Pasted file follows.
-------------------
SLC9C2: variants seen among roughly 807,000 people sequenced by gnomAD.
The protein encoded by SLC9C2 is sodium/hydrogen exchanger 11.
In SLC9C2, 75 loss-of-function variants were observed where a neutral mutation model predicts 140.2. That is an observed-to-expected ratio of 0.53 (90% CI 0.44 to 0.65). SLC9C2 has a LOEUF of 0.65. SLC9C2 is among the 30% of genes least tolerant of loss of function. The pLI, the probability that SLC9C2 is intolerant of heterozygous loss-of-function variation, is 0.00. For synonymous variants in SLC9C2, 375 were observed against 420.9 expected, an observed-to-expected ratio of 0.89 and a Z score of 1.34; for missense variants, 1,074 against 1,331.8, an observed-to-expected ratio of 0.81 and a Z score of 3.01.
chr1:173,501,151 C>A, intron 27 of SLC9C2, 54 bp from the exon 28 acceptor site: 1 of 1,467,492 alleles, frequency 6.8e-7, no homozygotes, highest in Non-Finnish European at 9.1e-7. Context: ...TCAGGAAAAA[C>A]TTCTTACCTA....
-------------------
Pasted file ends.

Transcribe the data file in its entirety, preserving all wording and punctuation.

SLC9C2: variants seen among roughly 807,000 people sequenced by gnomAD.
The protein encoded by SLC9C2 is sodium/hydrogen exchanger 11.
In SLC9C2, 75 loss-of-function variants were observed where a neutral mutation model predicts 140.2. That is an observed-to-expected ratio of 0.53 (90% CI 0.44 to 0.65). SLC9C2 has a LOEUF of 0.65. SLC9C2 is among the 30% of genes least tolerant of loss of function. The pLI, the probability that SLC9C2 is intolerant of heterozygous loss-of-function variation, is 0.00. For synonymous variants in SLC9C2, 375 were observed against 420.9 expected, an observed-to-expected ratio of 0.89 and a Z score of 1.34; for missense variants, 1,074 against 1,331.8, an observed-to-expected ratio of 0.81 and a Z score of 3.01.
chr1:173,501,151 C>A, intron 27 of SLC9C2, 54 bp from the exon 28 acceptor site: 1 of 1,467,492 alleles, frequency 6.8e-7, no homozygotes, highest in Non-Finnish European at 9.1e-7. Context: ...TCAGGAAAAA[C>A]TTCTTACCTA....